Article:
N.C. A&T AND UNCG OPEN NEW COMMUNITY EDUCATION CENTER FOR LATINO RESIDENTS
North Carolina Agricultural and Technical State University in collaboration with the University of North Carolina at Greensboro (UNCG), North Carolina Center for New North Carolinians (CNNC) and representatives from the Thriving Families neighborhood organization will open the Oakwood Community Education Center for Latino residents on Friday, Oct. 4 at 5 p.m. at the Oakwood Forest community on 4100 US Highway 29 N. Greensboro, N.C.
The community center will expand access to culturally-responsive mental health services for the Hispanic and Latino residents in Guilford County. The Supporting Thriving Families program that will be housed in the center is supported by a three-year $491,700 grant from the Kate B. Reynolds Charitable Trust.
The project is based on a long history of strong collaboration between the social work programs of the two universities. The program’s principal investigators are Dr. Yoko Crume, associate professor and Dr. Maura Nsonwu, assistant professor in the department of sociology and social work at North Carolina A&T and Dr. Jay Poole, assistant professor of social work and Dr. Raleigh Bailey, CNCC at UNCG. Ms. Natosha Knight is the Project Coordinator.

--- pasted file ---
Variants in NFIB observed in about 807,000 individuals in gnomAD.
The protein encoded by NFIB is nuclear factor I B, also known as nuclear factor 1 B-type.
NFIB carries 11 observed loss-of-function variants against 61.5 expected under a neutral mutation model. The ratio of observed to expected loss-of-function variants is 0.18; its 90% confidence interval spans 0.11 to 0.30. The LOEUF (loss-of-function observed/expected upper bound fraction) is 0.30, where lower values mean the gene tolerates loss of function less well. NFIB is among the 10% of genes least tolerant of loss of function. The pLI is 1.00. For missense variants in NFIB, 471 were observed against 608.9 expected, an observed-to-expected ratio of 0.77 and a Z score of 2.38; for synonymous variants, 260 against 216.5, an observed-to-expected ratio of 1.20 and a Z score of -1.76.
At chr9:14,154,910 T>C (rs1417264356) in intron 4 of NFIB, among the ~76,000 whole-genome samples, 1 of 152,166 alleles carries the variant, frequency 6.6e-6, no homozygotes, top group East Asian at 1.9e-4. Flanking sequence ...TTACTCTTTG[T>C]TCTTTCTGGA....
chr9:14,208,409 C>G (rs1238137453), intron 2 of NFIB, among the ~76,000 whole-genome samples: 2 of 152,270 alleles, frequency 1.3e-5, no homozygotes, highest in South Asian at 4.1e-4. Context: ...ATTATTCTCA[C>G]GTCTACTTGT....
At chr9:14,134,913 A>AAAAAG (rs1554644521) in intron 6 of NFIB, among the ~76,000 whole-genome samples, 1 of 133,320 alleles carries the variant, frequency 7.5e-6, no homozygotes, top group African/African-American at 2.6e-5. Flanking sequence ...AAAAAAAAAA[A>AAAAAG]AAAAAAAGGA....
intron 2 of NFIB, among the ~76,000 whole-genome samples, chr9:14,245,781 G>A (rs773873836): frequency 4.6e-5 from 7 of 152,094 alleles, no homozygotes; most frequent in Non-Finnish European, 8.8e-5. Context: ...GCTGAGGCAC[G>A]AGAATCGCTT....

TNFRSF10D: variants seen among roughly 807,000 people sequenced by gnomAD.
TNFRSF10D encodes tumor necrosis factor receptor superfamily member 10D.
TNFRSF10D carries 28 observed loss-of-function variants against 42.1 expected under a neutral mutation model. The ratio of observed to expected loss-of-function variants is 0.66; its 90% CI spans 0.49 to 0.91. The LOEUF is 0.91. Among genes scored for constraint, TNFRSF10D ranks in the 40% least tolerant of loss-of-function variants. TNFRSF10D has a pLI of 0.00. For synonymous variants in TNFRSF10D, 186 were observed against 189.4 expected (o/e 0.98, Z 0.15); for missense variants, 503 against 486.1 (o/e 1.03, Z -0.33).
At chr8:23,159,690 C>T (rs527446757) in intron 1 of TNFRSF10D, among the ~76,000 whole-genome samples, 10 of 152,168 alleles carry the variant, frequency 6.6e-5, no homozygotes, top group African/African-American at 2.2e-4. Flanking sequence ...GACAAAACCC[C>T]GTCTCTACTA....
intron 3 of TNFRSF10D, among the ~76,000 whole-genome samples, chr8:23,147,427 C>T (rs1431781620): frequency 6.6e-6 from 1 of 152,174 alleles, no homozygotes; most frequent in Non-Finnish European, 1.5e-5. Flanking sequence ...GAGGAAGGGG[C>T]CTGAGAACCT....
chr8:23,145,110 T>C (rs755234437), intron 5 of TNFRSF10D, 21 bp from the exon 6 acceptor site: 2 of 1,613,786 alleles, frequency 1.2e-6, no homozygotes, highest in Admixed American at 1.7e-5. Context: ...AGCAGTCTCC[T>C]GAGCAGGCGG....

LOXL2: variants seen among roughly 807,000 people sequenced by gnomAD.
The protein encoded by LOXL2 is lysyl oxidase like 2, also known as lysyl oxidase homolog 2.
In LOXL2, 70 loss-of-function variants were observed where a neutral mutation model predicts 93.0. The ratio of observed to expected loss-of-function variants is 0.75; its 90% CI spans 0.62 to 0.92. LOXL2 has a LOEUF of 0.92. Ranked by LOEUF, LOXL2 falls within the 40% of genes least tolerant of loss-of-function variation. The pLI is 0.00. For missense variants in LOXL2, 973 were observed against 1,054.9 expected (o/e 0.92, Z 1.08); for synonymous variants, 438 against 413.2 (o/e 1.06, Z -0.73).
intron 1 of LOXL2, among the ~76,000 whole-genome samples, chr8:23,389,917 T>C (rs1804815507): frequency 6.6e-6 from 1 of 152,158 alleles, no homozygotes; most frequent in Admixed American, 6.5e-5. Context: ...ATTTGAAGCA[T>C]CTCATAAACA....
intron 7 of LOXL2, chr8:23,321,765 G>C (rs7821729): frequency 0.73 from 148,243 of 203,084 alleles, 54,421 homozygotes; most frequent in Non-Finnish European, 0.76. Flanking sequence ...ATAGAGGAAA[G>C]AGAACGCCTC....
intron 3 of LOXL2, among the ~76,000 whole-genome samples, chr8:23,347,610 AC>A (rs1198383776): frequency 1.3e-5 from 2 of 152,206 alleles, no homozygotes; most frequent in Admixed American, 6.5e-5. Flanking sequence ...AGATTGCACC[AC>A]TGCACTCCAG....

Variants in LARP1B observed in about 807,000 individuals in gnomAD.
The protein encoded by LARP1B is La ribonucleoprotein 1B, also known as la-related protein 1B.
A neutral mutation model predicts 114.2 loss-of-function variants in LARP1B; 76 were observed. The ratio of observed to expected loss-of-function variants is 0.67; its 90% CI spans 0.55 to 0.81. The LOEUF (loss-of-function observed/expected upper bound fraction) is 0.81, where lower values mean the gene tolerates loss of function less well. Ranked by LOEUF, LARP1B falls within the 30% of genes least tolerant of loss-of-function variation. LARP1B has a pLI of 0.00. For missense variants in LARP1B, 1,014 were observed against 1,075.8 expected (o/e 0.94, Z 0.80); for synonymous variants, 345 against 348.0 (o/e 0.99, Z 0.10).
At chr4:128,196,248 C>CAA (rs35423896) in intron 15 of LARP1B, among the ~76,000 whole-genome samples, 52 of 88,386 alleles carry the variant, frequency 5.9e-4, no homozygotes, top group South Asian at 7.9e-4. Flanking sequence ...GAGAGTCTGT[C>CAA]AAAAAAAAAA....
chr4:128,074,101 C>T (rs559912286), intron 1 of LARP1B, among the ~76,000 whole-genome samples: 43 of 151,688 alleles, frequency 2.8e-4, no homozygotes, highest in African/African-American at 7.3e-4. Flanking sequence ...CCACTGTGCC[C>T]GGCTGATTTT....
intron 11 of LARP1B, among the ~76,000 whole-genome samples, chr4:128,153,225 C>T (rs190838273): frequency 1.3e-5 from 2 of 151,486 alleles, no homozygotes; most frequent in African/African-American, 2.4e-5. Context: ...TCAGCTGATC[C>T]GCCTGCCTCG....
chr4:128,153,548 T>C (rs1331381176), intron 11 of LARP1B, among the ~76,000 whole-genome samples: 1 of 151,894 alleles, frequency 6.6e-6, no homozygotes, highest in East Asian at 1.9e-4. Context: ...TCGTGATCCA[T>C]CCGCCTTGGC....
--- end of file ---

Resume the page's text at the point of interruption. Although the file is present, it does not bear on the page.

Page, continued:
“Our vision has always been to co-locate our clinical social work practice in the new center, with the goal of increasing access to culturally-responsive mental health services for the residents, many of whom are Hispanics/Latinos.,” said Dr. Crume.
Supporting Thriving Families features innovative ideas for sustainable mental health services such as: locating the service in the resident-supported activity center at the Oakwood Forest community, where the majority of the residents are Hispanics/Latinos; providing bilingual services by social workers, AmeriCorps members, and volunteers; training the next generation of social workers in meeting the needs of Hispanic/Latino residents in our community and engaging in research activities for community change and improvement.